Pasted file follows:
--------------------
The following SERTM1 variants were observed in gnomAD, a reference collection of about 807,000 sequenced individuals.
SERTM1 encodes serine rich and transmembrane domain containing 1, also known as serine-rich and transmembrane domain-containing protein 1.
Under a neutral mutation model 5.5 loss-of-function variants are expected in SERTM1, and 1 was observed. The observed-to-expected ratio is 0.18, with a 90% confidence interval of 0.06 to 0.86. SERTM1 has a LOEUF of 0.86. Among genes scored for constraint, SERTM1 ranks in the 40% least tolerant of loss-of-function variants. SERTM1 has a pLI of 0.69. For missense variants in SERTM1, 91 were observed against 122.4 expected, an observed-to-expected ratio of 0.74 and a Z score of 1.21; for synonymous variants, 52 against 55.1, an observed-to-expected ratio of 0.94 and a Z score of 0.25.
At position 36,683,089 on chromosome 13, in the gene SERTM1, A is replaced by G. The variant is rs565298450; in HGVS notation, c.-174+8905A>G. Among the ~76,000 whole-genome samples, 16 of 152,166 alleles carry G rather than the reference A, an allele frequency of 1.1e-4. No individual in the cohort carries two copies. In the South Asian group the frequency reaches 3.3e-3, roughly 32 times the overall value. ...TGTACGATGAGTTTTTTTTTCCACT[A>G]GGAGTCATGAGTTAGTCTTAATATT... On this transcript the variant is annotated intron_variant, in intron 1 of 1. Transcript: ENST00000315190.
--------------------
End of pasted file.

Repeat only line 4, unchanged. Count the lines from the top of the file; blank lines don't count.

At position 36,683,089 on chromosome 13, in the gene SERTM1, A is replaced by G. The variant is rs565298450; in HGVS notation, c.-174+8905A>G. Among the ~76,000 whole-genome samples, 16 of 152,166 alleles carry G rather than the reference A, an allele frequency of 1.1e-4. No individual in the cohort carries two copies. In the South Asian group the frequency reaches 3.3e-3, roughly 32 times the overall value. ...TGTACGATGAGTTTTTTTTTCCACT[A>G]GGAGTCATGAGTTAGTCTTAATATT... On this transcript the variant is annotated intron_variant, in intron 1 of 1. Transcript: ENST00000315190.